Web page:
Speech Given by Venerable Master Chin Kung Lunar New Year’s Eve Charity Dinner

Mr. Chan Soo-Sen, the Parliamentary Secretary of Prime Minister’s Office and Ministry of Community Development; Mr. Guan Mu, the Minister-Counselor and Mr. Peng An-Hai, the First Secretary of the Chinese Embassy, valued and respected friends from the religious groups here in Singapore, seniors and guests.

I am very happy to be here tonight, at the World Trade Center, to be able to celebrate the Lunar Chinese New Year with all of you.  From Mr. Lee’s speech, we learned that there are over three thousand eight hundred fifty senior citizens and children attending tonight’s dinner.  There are also leaders of Islam, Christianity, Catholicism, Hinduism, Taoism and the Moral Society and members of the Inter-religious Organization Council.  

All these leaders and seniors representing the different religious groups here in Singapore, are gathered tonight to welcome the New Year.  Such a gathering is rarely seen in our society but is crucial in our times.  We admire and praise the government of Singapore for their foresight and their outstanding guidance on religious policy and share the hopes of Singaporeans for a happy, prosperous and harmonious future.

I have been speaking on the Buddha’s teachings for forty years, during which time I have met with the leaders of different ethnic, religious and cultural groups and in the process have made many good friends.  Over the years, I have come to realize that these leaders have great broadmindedness as witnessed in their concern and compassion for all beings.  Whenever we meet, I respect them as Bodhisattvas.  In Buddhism, the word Bodhisattva is a title, similar to a degree earned in universities.  A Bodhisattva is an awakened being who has the profound wisdom and the great compassion to help all sentient beings; thus, these religious leaders are worthy of the name Bodhisattva.

During the time that I was in Australia, I attended several meetings of the Multi-faith Forum, which is sponsored by the government of Australia.  At these meetings, the leaders of different religious groups share their opinions and ideas on how to resolve the conflicts among different religious and ethnic groups.  They then forward their recommendations to the government.

The objective of the Forum is to establish a harmonious and prosperous multi-cultural, multi-racial and multi-religious society.  To have a stable and prosperous society and country, we first need to have harmonious interaction among cultural, racial and religious groups.  As the ancient Chinese philosopher, Lao Zi, explained, “The universe and us share the same root, we are one”.  To express something this complex, in such an eloquent and clear manner requires a great mind of extensive knowledge and profound understanding.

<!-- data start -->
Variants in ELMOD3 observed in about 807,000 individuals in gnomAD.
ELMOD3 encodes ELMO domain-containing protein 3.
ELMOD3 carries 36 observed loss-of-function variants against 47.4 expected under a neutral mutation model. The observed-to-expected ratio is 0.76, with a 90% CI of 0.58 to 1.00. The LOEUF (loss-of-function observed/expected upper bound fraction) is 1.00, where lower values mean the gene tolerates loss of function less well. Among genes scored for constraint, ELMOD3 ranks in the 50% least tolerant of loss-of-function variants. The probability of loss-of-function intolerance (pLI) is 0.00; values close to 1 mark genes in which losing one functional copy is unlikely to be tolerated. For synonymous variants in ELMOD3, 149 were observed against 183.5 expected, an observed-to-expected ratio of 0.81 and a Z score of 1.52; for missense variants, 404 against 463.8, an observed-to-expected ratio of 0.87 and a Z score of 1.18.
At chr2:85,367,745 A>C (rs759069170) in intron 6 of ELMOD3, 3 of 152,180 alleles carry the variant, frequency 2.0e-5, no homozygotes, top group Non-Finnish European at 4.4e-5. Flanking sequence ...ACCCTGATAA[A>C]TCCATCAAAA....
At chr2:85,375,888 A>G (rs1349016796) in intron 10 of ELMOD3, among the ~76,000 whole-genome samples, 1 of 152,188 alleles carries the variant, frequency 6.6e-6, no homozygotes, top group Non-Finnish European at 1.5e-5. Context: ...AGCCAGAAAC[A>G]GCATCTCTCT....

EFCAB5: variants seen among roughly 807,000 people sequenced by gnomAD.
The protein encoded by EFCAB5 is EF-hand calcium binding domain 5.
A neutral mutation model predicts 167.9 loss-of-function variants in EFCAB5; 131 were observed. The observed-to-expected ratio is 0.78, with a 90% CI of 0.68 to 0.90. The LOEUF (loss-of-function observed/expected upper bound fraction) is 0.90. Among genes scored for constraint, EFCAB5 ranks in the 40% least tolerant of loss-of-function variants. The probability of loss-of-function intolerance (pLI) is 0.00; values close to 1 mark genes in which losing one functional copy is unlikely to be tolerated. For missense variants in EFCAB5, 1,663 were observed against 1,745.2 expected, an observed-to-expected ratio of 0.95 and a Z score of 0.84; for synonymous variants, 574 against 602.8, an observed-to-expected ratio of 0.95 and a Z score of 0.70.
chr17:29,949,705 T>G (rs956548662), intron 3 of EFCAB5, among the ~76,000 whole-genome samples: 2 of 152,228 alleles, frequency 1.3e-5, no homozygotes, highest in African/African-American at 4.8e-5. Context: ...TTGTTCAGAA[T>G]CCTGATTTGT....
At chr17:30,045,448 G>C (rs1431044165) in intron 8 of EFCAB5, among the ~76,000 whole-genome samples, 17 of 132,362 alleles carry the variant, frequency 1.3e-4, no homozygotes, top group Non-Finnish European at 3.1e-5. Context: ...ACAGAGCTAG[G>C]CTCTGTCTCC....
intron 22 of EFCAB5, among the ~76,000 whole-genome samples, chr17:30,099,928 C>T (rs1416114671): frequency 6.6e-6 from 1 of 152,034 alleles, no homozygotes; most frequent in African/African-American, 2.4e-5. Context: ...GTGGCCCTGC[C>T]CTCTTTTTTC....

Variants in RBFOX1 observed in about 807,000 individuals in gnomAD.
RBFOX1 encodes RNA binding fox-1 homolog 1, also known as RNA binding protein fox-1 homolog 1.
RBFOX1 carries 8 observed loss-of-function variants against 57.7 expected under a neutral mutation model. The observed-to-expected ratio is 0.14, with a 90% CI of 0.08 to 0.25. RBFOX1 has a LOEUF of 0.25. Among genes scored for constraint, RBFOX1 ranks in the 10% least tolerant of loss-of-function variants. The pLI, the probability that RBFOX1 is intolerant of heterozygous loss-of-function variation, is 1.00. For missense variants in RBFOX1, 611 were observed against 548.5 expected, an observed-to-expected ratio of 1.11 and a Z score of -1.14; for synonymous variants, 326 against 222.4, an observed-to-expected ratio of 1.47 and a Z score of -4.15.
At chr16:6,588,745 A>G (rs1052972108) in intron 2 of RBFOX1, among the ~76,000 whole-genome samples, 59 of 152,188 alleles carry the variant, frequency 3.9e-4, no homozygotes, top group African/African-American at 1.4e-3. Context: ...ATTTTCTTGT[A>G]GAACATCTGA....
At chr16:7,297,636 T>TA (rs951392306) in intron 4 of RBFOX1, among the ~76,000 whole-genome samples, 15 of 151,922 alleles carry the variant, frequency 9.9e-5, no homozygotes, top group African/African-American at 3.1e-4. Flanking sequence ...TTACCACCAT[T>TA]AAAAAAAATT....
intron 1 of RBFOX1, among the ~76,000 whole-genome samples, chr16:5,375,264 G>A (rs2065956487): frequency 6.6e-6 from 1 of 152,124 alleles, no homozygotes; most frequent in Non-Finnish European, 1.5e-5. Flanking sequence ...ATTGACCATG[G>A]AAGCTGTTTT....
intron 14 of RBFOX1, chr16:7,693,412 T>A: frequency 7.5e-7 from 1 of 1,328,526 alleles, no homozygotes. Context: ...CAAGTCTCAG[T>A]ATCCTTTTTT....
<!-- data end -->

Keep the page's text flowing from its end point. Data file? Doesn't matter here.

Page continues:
Buddha Shakyamuni, our original teacher who taught for forty-nine years, also had this great mind.  He explained that the universe, everything in it and we are one perfect complete entity.  If we could all share this understanding, there would be no need to worry about the stability and peace of our society or world.  Using this as a starting point, we will realize that all others are ourselves.  To harm others is to harm ourselves; to benefit others is to benefit ourselves.

If we think of a tree as representing our society, we will see that each of us is like a leaf, while different cultures, races and beliefs are like different branches.  If we do not understand that we share the same root, but instead only think of ourselves, are only aware of one leaf on that tree, then we will fail to appreciate the perfection of the whole tree, the one entity.  When we isolate ourselves from the whole with every rising thought for ourselves, with every ensuing action for our own benefit, then it will be impossible to avoid confrontations and wars among races, religions and cultures.

From the Buddha’s teachings, we learn the importance of practicing and advocating compassion and equality.  In our society, everybody plays a different role, but everybody’s role is equally important and necessary.  There is no good or bad, high or low, just the difference between the assignment of task.  Just now, Mr. Lee Bock-Guan said that our elders represent history and experience, and that our children are our hope for the future.  If we respect our elders, we will learn from the past.  If we take care of our children, we will provide for the future.

I sincerely hope that this New Year’s dinner will be a starting point for interchange among ethnic, religious and cultural groups and that by harmoniously uniting we will help to create a peaceful, happy and fulfilling society here in Singapore and around the world.